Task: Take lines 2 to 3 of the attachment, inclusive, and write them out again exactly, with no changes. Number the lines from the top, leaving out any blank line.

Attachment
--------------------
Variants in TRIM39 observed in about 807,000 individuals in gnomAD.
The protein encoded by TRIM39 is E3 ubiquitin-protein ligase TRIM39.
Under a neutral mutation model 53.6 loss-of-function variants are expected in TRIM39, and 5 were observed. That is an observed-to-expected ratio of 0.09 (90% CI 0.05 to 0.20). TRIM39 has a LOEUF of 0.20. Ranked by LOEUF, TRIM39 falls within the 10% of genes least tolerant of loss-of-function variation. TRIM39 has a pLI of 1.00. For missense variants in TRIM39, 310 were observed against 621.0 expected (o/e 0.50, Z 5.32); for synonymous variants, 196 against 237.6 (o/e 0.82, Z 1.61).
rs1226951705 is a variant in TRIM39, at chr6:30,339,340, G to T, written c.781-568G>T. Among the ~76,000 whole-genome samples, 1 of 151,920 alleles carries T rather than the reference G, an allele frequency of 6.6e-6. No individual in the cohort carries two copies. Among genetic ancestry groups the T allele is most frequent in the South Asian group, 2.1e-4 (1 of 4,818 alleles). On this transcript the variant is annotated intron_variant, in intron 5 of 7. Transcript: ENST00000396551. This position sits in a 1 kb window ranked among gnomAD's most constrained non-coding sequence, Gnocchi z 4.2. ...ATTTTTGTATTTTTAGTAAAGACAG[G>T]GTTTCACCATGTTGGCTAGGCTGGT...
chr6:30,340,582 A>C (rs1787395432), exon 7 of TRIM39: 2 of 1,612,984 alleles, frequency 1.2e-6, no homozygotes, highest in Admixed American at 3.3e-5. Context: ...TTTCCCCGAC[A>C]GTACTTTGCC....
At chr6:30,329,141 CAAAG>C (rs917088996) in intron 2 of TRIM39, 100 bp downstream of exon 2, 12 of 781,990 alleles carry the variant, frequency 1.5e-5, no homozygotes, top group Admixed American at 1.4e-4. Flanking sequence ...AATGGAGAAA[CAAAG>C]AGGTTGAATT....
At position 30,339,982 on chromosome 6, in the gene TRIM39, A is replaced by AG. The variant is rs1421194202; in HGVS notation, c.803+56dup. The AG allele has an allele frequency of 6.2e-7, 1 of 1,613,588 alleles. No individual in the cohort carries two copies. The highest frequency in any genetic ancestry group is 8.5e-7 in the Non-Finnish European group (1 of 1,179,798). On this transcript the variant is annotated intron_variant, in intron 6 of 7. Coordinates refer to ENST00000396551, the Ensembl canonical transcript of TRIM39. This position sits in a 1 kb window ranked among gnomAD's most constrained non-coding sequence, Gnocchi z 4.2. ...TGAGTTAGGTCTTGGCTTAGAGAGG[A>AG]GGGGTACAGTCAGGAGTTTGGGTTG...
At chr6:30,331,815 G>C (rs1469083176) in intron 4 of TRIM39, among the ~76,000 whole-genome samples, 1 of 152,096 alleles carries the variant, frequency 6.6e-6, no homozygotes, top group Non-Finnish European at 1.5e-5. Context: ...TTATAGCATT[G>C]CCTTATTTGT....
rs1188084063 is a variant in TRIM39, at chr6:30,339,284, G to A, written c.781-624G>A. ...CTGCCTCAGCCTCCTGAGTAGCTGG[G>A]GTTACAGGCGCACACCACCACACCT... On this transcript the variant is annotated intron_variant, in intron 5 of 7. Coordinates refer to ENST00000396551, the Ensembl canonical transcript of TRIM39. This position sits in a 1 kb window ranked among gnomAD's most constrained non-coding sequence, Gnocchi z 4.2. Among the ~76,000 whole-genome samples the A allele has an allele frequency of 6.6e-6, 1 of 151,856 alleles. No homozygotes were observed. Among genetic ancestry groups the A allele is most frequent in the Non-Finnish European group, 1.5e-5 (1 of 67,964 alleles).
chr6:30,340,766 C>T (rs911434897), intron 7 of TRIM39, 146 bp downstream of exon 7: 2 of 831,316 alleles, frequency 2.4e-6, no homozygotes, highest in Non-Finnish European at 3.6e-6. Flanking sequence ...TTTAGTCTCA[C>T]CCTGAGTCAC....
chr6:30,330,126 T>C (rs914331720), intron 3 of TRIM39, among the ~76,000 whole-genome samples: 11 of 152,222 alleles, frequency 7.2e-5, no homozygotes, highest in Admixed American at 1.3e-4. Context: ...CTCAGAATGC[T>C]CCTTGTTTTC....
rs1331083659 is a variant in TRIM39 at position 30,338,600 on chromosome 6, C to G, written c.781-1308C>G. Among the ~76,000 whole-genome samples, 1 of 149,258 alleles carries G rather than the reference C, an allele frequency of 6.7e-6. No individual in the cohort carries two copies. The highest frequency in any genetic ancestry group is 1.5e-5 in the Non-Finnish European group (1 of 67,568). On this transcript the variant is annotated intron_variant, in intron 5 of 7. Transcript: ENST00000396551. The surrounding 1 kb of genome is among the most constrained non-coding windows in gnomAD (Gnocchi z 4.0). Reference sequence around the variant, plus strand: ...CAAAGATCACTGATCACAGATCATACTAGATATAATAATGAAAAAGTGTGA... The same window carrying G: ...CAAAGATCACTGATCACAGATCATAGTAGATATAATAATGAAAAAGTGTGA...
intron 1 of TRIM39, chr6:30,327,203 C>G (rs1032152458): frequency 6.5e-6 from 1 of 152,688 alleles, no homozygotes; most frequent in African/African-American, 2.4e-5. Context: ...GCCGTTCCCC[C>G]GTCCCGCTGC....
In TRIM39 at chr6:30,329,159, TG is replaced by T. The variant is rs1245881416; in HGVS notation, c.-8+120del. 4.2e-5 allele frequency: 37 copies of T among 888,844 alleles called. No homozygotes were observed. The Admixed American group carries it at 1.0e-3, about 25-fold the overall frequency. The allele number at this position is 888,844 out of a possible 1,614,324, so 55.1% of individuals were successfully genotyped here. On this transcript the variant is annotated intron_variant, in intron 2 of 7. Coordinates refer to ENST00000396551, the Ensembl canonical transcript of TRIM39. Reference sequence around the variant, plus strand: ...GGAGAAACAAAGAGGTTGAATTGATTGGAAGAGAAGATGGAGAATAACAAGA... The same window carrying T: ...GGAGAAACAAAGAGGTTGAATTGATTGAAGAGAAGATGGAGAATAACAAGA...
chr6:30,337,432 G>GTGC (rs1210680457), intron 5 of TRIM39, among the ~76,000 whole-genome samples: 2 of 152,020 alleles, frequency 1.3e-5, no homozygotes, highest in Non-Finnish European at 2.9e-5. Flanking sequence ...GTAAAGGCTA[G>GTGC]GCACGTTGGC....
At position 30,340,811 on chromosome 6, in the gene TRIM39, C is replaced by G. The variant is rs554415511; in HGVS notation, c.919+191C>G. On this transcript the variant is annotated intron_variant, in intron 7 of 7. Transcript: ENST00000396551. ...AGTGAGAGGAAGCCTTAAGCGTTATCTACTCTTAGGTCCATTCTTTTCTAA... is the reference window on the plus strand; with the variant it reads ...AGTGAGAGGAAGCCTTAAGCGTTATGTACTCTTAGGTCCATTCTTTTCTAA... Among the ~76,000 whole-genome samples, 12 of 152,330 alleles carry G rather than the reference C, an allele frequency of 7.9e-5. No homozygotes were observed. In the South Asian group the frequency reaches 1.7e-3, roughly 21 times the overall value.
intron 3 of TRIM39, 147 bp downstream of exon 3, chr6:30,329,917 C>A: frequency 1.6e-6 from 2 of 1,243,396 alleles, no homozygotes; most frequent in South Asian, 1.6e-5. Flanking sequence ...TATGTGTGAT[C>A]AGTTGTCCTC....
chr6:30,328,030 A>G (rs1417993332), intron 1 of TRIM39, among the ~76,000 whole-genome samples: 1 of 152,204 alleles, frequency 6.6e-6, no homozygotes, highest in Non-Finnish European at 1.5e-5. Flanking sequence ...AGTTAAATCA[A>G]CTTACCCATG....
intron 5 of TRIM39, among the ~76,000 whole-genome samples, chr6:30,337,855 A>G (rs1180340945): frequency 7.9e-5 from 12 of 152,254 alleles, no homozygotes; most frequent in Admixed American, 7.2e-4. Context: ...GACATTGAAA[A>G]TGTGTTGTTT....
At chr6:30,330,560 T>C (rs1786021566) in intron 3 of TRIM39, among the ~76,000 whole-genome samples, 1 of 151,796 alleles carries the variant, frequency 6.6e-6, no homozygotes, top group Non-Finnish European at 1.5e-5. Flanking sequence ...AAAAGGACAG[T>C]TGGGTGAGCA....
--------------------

The protein encoded by TRIM39 is E3 ubiquitin-protein ligase TRIM39.
Under a neutral mutation model 53.6 loss-of-function variants are expected in TRIM39, and 5 were observed. That is an observed-to-expected ratio of 0.09 (90% CI 0.05 to 0.20). TRIM39 has a LOEUF of 0.20. Ranked by LOEUF, TRIM39 falls within the 10% of genes least tolerant of loss-of-function variation. TRIM39 has a pLI of 1.00. For missense variants in TRIM39, 310 were observed against 621.0 expected (o/e 0.50, Z 5.32); for synonymous variants, 196 against 237.6 (o/e 0.82, Z 1.61).